For ten years I have been using desktops, throughout those ten years I have owned four desktops. Finally after ten years of desktop PC use I finally bought a laptop for myself. I have played with laptops in the past but I have never actually owned one, but now I am the owner of the MSI-1029 15.4" screen AMD Turion 64 notebook and will be reviewing this notebook.
MSI-1029 Reviewed Specs:
Reasons for buying
First off, my spending limit was a measly $1,200 dollars. I have been a gamer since I was little so therefore I wanted a notebook that could handle today's games and also not be a big bulky laptop designed only to be a desktop replacement. Windows Vista 64-bit is coming out next year so I wanted to have a 64-bit processor which narrowed down the searching. The ideal 64-bit laptop processor right now is the AMD Turion processor.
I was stuck with a dilemma, a choice between two notebooks: either the MSI-1029 or the Acer TravelMate 4402WLMi with similar specs and familiar price range. One problem with the Acer was that it only had an ATI Radeon X700 dedicated 64MB VRAM while the MSI-1029 had an ATI Radeon X700 dedicated 128MB VRAM. Another was that the Acer used the ML Turion line while the MSI used the MT Turion line. The difference between the ML and the MT is that the ML processor uses 35-watt power while the MT processor uses 25-watt power. So these differences tipped the balance toward the MSI-1029 and that was my final choice.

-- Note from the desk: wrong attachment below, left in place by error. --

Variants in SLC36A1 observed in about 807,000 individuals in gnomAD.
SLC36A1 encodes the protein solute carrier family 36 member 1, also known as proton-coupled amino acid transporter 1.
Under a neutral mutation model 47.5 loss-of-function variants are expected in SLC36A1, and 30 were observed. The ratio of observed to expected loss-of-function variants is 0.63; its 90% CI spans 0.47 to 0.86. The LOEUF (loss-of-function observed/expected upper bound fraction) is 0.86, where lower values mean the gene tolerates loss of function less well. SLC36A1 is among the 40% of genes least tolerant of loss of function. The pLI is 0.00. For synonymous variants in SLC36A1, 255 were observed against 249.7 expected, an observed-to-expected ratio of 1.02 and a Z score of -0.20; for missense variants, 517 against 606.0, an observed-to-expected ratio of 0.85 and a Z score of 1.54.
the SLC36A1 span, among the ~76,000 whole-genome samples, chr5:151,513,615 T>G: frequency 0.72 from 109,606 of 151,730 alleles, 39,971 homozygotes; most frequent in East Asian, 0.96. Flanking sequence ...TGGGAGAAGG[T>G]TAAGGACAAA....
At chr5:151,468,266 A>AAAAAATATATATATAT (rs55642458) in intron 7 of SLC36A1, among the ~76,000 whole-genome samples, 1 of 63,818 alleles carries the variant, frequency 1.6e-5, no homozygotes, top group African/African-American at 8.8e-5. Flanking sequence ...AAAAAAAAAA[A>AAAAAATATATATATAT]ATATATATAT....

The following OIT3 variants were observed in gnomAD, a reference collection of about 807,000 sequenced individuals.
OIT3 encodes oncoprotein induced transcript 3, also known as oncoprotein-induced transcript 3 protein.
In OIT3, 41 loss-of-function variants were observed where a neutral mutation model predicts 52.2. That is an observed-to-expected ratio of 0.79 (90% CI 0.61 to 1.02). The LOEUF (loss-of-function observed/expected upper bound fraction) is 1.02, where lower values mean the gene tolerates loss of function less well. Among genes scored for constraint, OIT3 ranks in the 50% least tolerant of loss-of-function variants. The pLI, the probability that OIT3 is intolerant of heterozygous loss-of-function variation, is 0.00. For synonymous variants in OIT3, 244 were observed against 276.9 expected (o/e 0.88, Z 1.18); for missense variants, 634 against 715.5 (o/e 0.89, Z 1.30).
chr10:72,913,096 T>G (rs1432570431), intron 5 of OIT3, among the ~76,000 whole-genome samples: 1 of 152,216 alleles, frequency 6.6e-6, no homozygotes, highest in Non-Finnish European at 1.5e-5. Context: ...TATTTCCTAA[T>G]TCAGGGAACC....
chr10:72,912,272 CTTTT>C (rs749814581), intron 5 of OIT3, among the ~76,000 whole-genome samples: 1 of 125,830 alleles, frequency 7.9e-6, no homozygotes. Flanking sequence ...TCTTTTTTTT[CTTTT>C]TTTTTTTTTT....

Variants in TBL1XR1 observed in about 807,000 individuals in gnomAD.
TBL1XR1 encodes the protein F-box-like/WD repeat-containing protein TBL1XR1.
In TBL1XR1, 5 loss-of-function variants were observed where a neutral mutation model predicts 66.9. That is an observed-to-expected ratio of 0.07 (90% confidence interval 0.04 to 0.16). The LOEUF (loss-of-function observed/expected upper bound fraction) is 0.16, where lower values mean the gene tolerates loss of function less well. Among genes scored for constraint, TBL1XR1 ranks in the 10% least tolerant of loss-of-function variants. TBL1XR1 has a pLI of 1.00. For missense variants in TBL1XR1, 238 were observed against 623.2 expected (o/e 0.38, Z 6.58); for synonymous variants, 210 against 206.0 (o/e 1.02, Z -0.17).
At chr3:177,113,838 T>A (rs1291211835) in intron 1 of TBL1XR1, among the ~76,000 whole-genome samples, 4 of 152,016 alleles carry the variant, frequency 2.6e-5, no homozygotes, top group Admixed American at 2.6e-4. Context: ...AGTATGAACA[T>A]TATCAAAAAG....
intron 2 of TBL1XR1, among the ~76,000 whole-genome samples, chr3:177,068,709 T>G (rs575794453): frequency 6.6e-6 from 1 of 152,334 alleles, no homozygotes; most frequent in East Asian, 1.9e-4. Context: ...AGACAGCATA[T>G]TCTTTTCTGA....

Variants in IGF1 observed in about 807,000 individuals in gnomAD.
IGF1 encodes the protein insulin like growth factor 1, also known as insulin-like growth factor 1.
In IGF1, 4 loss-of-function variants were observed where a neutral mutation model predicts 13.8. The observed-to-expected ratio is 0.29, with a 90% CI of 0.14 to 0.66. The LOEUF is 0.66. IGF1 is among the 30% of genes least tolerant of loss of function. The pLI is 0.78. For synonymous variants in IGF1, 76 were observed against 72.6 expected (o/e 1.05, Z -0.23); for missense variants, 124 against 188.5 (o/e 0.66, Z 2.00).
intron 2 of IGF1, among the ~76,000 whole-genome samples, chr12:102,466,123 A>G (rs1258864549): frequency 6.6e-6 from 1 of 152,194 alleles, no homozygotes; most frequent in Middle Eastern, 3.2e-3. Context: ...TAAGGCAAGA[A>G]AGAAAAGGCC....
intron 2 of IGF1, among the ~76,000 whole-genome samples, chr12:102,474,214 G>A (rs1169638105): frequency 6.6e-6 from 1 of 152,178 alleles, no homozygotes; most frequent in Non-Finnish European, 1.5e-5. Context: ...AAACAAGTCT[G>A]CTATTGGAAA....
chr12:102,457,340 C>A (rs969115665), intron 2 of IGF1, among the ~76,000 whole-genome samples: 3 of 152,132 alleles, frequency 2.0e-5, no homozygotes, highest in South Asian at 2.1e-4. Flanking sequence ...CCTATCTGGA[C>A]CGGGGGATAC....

MSI-1029 Notebook (notice the glossy reflective nature of the screen)
There are several online companies that sell the MSI-1029 barebone laptop that is customizable with the usual main upgrade parts. I went to whichever was the cheapest. CyberPowerSystem gave me the cheapest price which was only $1,163.00 after a 5% discount with no operating system and no WLAN card. The WLAN card I bought from Buy.com which included WLAN with Bluetooth which was an additional $35.00. The total came out to be $1,198.00 including all taxes and shipping cost.
The bottom of the laptop is made of aluminum metal which creates a sturdy base for the notebook. However, having the metal can be disadvantageous because it seems to be hotter on the metal part compared to a typical plastic bottom.
While moving the screen about on its hinges there was no signs of tiny squeaks. After weeks of excessively testing it out, there are still no sign of squeaks. When typing the screen does not wobble around like some cheaper quality laptops. I tried pushing in on the lid and I saw ripples on the LCD screen so the lid could provide a little more protection, but overall the build quality is still good.